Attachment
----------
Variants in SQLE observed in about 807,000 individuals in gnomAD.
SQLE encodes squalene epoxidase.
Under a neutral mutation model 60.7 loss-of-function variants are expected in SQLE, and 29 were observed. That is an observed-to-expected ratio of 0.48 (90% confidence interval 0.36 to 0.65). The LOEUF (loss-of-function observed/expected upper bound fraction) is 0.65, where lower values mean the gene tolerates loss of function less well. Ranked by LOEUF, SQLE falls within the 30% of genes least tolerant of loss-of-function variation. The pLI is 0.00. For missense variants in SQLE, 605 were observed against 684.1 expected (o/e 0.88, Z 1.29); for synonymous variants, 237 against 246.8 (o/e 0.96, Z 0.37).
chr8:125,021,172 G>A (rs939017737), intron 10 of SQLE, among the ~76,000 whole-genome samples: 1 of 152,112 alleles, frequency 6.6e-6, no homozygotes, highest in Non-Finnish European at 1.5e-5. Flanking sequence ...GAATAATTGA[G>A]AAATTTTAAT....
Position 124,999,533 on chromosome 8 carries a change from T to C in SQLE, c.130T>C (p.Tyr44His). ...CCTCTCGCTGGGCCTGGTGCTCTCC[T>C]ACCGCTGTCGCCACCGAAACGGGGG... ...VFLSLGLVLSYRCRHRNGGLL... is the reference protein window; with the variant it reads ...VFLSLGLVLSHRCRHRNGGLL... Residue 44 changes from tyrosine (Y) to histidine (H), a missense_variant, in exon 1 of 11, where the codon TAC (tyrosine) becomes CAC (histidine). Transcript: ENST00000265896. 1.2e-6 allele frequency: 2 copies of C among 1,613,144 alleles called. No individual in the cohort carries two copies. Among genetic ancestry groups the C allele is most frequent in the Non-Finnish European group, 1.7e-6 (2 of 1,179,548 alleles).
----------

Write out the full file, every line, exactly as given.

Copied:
Variants in SQLE observed in about 807,000 individuals in gnomAD.
SQLE encodes squalene epoxidase.
Under a neutral mutation model 60.7 loss-of-function variants are expected in SQLE, and 29 were observed. That is an observed-to-expected ratio of 0.48 (90% confidence interval 0.36 to 0.65). The LOEUF (loss-of-function observed/expected upper bound fraction) is 0.65, where lower values mean the gene tolerates loss of function less well. Ranked by LOEUF, SQLE falls within the 30% of genes least tolerant of loss-of-function variation. The pLI is 0.00. For missense variants in SQLE, 605 were observed against 684.1 expected (o/e 0.88, Z 1.29); for synonymous variants, 237 against 246.8 (o/e 0.96, Z 0.37).
chr8:125,021,172 G>A (rs939017737), intron 10 of SQLE, among the ~76,000 whole-genome samples: 1 of 152,112 alleles, frequency 6.6e-6, no homozygotes, highest in Non-Finnish European at 1.5e-5. Flanking sequence ...GAATAATTGA[G>A]AAATTTTAAT....
Position 124,999,533 on chromosome 8 carries a change from T to C in SQLE, c.130T>C (p.Tyr44His). ...CCTCTCGCTGGGCCTGGTGCTCTCC[T>C]ACCGCTGTCGCCACCGAAACGGGGG... ...VFLSLGLVLSYRCRHRNGGLL... is the reference protein window; with the variant it reads ...VFLSLGLVLSHRCRHRNGGLL... Residue 44 changes from tyrosine (Y) to histidine (H), a missense_variant, in exon 1 of 11, where the codon TAC (tyrosine) becomes CAC (histidine). Transcript: ENST00000265896. 1.2e-6 allele frequency: 2 copies of C among 1,613,144 alleles called. No individual in the cohort carries two copies. Among genetic ancestry groups the C allele is most frequent in the Non-Finnish European group, 1.7e-6 (2 of 1,179,548 alleles).